Hope in the Modern World

wish-1a“Hope is important because it can make the present moment less difficult to bear. If we believe that tomorrow will be better, we can bear a hardship today.” ― Thích Nhất Hạnh

Sadako Sasaki was two years old when the atomic bomb dropped on Hiroshima. The impact of the explosion blew Sadako out of her bedroom window and she very nearly died. Though she survived the blast, the radiation eventually gave her leukemia and doctors insisted that she wouldn’t live longer than a year. Sadako’s story so far might sound like a tragedy, but it is actually a story of hope.

There is an ancient Japanese legend that anyone who successfully folds one thousand paper cranes would be granted a wish. Sadako’s only wish was to survive and so she folded her very first origami crane. Sadako’s condition worsened over time and she eventually ran out of paper, but this didn’t discourage her or stop her from making cranes. Without paper she started using medicine wrappings and bits of rubbish to reach her goal; some of the cranes she made were so small that she needed tweezers to make the folds. Sadako died at the age of twelve on the morning of October 25, 1955, less than a year after she was diagnosed with her illness. She had only folded 644 cranes. Before she passed, her family gathered around the bed and requested her to eat something. She asked for tea on rice and someone hurried off to get it for her. She took a spoonful of the rice and after eating it, announced, “it’s good.” She took a second spoonful and passed away as if falling asleep. Those were her last words.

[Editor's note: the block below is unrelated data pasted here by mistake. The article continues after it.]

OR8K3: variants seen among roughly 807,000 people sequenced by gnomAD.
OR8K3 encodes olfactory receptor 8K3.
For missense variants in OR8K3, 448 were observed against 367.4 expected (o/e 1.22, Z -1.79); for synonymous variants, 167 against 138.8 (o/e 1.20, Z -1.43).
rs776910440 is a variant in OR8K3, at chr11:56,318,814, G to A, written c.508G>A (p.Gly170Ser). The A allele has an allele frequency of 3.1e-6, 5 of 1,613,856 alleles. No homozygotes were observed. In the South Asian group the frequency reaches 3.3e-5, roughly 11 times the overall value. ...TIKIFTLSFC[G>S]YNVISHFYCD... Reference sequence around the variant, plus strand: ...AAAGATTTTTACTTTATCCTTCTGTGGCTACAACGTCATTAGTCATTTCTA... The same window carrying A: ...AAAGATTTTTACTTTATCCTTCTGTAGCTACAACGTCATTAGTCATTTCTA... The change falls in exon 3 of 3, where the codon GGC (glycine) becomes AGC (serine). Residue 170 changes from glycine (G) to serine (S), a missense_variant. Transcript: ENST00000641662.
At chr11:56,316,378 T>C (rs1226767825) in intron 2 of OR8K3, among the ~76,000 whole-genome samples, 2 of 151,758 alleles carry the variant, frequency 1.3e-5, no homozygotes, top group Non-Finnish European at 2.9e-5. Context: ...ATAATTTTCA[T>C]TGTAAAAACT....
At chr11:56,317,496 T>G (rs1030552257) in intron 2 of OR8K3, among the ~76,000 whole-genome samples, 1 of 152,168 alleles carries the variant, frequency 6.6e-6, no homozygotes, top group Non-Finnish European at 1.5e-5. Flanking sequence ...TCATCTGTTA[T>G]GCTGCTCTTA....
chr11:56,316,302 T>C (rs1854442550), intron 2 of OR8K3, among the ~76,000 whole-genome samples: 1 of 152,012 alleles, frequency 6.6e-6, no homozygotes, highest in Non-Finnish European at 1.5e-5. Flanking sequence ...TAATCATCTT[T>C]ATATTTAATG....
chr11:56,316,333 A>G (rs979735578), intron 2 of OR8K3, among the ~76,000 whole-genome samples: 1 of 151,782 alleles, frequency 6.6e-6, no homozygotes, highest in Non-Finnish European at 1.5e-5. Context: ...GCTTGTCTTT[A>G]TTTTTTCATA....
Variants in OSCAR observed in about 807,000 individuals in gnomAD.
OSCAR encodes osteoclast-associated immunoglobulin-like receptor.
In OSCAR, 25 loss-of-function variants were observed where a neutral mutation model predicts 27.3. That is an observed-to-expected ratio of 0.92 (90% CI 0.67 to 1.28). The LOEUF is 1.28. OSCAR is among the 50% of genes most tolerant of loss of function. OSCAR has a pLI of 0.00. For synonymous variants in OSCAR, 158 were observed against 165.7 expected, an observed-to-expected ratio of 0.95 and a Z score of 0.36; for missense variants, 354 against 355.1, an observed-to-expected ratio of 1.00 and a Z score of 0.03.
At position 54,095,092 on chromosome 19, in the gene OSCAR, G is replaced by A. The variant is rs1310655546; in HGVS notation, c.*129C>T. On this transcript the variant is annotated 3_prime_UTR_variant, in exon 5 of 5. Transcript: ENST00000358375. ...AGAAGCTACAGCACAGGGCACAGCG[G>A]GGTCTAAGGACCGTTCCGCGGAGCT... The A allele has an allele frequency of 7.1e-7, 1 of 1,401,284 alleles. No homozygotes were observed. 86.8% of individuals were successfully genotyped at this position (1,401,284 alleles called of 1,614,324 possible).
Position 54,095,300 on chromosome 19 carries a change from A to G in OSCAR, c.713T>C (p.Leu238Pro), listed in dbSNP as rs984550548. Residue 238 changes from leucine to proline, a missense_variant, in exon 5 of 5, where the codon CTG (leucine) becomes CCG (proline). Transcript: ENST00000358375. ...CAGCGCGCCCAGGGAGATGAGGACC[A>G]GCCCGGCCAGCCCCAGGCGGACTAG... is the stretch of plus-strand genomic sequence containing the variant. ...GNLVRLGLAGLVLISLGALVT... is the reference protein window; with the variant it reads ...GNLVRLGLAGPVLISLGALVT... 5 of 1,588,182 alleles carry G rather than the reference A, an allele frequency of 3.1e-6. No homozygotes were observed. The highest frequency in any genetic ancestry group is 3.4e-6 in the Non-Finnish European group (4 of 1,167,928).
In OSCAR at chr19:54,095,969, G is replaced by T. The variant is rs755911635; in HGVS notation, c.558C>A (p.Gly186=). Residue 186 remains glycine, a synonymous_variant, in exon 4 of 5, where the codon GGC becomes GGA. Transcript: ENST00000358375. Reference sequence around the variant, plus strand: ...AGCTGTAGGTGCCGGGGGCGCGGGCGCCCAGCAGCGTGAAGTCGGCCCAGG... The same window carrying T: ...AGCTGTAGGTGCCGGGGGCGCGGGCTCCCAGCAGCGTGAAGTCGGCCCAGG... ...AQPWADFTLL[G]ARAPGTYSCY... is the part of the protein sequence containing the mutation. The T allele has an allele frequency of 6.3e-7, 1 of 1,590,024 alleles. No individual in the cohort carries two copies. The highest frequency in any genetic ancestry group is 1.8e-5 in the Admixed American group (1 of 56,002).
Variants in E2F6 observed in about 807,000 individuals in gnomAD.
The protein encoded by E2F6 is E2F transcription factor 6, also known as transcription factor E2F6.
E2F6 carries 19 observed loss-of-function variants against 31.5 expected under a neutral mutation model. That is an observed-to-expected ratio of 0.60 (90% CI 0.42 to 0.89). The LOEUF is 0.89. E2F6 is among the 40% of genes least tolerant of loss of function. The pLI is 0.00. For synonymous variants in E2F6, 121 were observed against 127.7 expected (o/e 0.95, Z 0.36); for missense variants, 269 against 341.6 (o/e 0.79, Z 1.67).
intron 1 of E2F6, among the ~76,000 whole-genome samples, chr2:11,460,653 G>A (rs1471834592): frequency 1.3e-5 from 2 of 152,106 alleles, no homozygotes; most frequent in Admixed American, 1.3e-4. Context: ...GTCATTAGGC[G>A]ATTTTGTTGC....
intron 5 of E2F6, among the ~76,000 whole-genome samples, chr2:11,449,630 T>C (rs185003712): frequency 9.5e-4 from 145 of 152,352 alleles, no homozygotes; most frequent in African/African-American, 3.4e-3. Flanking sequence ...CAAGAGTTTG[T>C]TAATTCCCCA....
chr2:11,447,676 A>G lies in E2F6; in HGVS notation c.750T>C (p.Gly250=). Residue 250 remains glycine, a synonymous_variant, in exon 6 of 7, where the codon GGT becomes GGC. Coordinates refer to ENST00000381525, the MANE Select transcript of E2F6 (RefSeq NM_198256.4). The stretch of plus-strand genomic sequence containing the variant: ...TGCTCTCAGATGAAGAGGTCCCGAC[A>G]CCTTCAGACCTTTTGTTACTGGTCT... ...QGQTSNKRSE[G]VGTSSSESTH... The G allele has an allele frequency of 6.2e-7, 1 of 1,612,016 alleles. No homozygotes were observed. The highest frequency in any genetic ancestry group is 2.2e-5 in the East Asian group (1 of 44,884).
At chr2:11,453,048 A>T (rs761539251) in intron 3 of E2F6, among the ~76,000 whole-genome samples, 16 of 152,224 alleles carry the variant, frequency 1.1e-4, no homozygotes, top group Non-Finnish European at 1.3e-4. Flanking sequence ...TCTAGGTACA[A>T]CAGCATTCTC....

Sadako’s story illustrates how hope can fuel a person’s desire to survive even when circumstances are bleak. Most importantly, her story reminds us that hope is not about the outcome, but about taking each day as it comes and living with optimism instead of despair. While hope might not have saved Sadako from her death, it did at least make each day of her suffering more manageable. Hope gave her a goal to reach; it gave her something to live for. The act of making cranes occupied her mind to the point that she was spared the long and torturous road of dwelling on the negative. Instead of thinking about how she was going to die, Sadako spent her days believing that she would survive if she only made enough cranes. This feeling of hope was so powerful that when she passed away she managed to do it without fear or pain. Instead, she embraced the present moment and enjoyed her last meal while surrounded by family.

In this modern world we live in it is too easy to fall into the trap of feeling like there is nothing to hope for anymore. You don’t have to look very far to bear witness to all the suffering that’s in the world and often we can identify with that suffering because we feel it within ourselves. There is always the lingering thought that the road of life is booby trapped with misfortune. Hope gives us a chance to escape the poisonous thought processes that accompany our dark times and try to see the light instead. Whenever we are confronted with a situation it is entirely up to us how we interpret it, in other words, everything that happens in our life is neutral until we assign a negative or positive polarity to it. If we are presented with a negative situation, instead of painting it black, we should learn to see how good can come from it. All experiences in life, both good and bad, have great potential inbuilt in them to teach you something, and it is often the bad times that have the most to teach.